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Flying

Flying April 2020

The sharp wit and experienced judgment of Flying’s experts cover all the challenges and rewards that aviation offers to all flying enthusiasts. From industry news updates, regulations, trends, air shows and events to carefully researched reports on all categories of airplanes, helicopters, avionics, products, technology, accessories and equipment to pilot technique, flight training, safety, weather, operations and maintenance.

Land:
United States
Sprache:
English
Verlag:
Bonnier Corporation
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ABONNIEREN
CHF 14.41
12 Ausgaben

in dieser ausgabe

3 Min.
define sustainable

When it comes to the slippery word “sustainability,” each of us comes to our own definition. When I’m walking on the beach, picking up 100 straws and the plastic shafts of cotton swabs, it’s easy for me to shake my fist at the sky and say: “Ban them all! Who needs a plastic straw? They’re killing the turtles!” But fast-forward a day or two, and my same raised hand is reaching to sump a fuel tank on an airplane, with the inevitable stray drop of avgas dribbling onto my fingers. I think little of it, and I’ll perhaps wipe the residue off with a towel, then go on and fly. I used to enjoy the lingering smell of 100LL on the cuffs of my leather bomber jacket in high school, reminding me…

4 Min.
inbox

USING THE FLIGHT SIM RIGHT I enjoyed Julie Boatman’s article “Can We Build Better Instruction?” in the January/February 2020 issue of Flying. Like her, I have attended the Redbird Migration for several years now and actually conducted breakout sessions the [past] two years. We have used a Redbird FMX since 2012 and recently purchased another one. Our use of the sim, however, is different than most flight schools. I realized several years ago that the sim could allow repetition, something the airplane is very poor at doing. We created our own syllabus, and tasks in the airplane are broken down and each segment repeated. A webinar I did for Redbird, “Holistic Approach to Flight Training,” explains our approach. I have maintained for years that a simulator is invaluable if you use it correctly.…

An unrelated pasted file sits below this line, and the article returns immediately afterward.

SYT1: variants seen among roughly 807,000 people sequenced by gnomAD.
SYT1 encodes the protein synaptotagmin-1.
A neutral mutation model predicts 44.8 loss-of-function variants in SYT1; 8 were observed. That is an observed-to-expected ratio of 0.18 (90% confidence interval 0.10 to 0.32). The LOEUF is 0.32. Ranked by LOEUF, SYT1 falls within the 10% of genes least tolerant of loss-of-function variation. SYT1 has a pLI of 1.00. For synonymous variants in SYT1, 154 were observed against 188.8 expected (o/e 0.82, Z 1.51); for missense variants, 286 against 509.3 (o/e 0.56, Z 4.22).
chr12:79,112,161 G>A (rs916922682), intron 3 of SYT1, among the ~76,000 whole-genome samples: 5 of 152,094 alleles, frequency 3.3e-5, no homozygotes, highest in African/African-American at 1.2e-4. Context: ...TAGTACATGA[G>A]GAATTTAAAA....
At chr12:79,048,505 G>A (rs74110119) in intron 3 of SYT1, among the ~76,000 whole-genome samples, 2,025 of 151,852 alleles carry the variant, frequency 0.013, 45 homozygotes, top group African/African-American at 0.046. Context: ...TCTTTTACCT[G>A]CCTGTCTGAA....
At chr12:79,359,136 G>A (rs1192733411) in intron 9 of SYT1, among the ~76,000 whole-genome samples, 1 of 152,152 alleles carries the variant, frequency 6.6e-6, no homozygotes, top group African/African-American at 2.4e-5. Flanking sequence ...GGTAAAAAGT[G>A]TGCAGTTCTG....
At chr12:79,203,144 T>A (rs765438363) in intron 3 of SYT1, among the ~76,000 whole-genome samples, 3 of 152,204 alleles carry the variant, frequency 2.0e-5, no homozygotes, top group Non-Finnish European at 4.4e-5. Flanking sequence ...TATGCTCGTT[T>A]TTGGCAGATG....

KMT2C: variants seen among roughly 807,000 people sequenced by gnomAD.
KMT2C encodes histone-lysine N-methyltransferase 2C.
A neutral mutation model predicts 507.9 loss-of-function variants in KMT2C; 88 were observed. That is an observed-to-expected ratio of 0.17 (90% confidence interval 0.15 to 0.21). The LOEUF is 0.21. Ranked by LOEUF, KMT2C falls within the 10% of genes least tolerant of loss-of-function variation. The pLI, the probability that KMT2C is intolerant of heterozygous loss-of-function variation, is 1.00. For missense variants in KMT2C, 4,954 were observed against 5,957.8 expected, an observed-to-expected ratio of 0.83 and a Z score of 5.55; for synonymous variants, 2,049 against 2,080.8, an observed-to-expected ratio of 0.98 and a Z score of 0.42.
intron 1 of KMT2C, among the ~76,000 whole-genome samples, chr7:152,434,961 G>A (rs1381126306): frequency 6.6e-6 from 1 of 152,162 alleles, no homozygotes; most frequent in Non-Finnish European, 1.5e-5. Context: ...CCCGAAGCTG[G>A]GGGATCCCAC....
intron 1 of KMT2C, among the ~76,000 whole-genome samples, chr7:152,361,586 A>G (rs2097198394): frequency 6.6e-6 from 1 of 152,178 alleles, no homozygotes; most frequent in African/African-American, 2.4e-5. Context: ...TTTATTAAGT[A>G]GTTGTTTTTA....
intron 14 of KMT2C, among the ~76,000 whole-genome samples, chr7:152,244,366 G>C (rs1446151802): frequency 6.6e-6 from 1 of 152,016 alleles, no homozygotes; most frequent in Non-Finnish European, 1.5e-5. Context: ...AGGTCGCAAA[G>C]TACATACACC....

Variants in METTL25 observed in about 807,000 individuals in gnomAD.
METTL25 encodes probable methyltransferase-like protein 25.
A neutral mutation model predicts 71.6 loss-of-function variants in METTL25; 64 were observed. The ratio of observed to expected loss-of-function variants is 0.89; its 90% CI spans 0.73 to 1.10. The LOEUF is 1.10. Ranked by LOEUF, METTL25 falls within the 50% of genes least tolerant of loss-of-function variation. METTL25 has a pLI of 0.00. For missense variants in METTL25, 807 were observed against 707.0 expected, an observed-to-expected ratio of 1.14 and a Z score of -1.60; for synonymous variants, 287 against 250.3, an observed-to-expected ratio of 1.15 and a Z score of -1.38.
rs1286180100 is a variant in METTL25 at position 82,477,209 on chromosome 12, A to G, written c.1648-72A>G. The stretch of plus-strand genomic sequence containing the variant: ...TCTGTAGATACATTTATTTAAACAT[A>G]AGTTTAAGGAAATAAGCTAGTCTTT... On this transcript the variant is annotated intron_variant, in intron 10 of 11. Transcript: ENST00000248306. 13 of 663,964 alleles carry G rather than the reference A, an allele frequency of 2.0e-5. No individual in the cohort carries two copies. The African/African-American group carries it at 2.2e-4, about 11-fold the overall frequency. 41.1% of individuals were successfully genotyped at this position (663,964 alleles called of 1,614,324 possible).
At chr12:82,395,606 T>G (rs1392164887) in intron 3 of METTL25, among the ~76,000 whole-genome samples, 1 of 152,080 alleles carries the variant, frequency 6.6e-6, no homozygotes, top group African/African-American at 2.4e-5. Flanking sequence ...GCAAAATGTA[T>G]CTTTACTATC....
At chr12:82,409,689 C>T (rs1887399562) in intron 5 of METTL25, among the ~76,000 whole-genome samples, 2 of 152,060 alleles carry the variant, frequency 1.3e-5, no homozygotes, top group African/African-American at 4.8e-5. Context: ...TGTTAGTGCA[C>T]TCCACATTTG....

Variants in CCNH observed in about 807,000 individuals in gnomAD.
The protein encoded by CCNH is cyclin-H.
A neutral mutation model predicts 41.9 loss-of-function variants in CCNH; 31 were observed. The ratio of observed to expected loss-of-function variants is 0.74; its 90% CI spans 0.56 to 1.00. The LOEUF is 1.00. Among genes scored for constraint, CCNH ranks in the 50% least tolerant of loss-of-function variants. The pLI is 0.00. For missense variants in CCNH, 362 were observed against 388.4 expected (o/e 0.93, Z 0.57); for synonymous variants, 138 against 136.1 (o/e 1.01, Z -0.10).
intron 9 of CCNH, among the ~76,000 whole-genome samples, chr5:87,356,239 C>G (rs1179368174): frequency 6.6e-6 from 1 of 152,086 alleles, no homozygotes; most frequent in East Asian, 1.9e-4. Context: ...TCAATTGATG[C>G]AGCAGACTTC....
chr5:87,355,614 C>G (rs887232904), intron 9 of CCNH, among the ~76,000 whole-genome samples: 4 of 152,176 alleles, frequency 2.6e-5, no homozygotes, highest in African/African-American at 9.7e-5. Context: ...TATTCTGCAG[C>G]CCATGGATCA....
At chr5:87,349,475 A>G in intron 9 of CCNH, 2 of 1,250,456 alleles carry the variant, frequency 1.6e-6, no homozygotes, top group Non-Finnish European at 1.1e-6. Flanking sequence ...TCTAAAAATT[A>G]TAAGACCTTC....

1 Min.
a round-dial replacement

GARMIN Full functionality of the GI 275 comes with a multi-unit installation, to deliver traffic, weather and terrain information in addition to navigation and engine-monitoring data. If you’re in love with the look of the traditional six-pack in your airplane—or don’t want to spend the cash on a new instrument panel—but want to incorporate the latest in glass multifunction capability into your cockpit, a new solution just dropped that satisfies that very desire. In January, Garmin debuted an electronic flight instrument, the GI 275, that offers a drop-in replacement solution for standard 3.125-inch round-panel installations in legacy aircraft. The lightweight GI 275 features multiple functions, essentially serving as four instruments in one, including attitude and navigational data, as well as engine indications. The instrument can be installed singly or in sets. We did a…

3 Min.
sustainable aviation fuel

The year 2020 has begun with significant efforts by business aviation to promote and use sustainable aviation fuel (discussed in this issue in Peter Garrison’s Technicalities). It continues to build onto the momentum displayed at the National Business Aviation Association’s Business Aviation Convention & Exhibition this past fall in Las Vegas, which saw manufacturers including Gulfstream, Embraer, Textron Aviation and Honda Aircraft Company powering their displays and other aircraft, at least in part, on SAF. For example, Gulfstream flew its fleet directly from Savannah’s Hilton Head airport in Georgia to Las Vegas’ Henderson Executive Airport, site of the show’s static display. The company says these were its first carbon-neutral flights using a blended sustainable aviation fuel and carbon offsets. Use of the 30-70 blend (with 30 percent low-carbon, drop-in SAF and…

2 Min.
horten hx-2 update

The striking Horten HX-2 flying wing that was unveiled in Friedrichshafen, Germany, in April 2018 has completed the initial stages of its flight testing and continues to progress through ground-vibration and flutter testing at Horten headquarters near Eisenach. During the initial flight tests, the HX-2 was flown at speeds up to 124 mph and has returned promising preliminary data. The Horten HX-2 is a two-seat, tailless light aircraft without a fuselage. When flown at the long-range cruise speed of 87 mph, the HX-2’s 100 hp Rotax 912 iS Sport engine demonstrated a fuel burn of 2.64 gallons per hour. With 64.4 gallons of fuel capacity, this translates into a preliminary range of 2,123 miles and an endurance of over 24 hours. Horten predicts a maximum cruise speed of approximately 170 mph. While…

3 Min.
bar harbor, maine, rnav (gps) rwy 22

Whether you’re flying to the Maine coastline to add your name to the list of the 3 million annual visitors to Acacia National Park or to try to decide which restaurants really are the 10 best for lobster in the region, you might come face to face with the RNAV (GPS) Runway 22 for an approach into Hancock County-Bar Harbor Airport (KBHB). Coastal influences here usually prevent winter temperatures from dropping down into the single-digit range common in the rest of Maine, but pilots should keep in mind that KBHB receives an average of 60 inches of snow. In May and June, there can also be dense coastal fog to plague unwary pilots. A. STANDARD T-BAR IAF POINTS Whenever possible, GPS approaches are developed using a “T-Bar” shape. In this case, the final…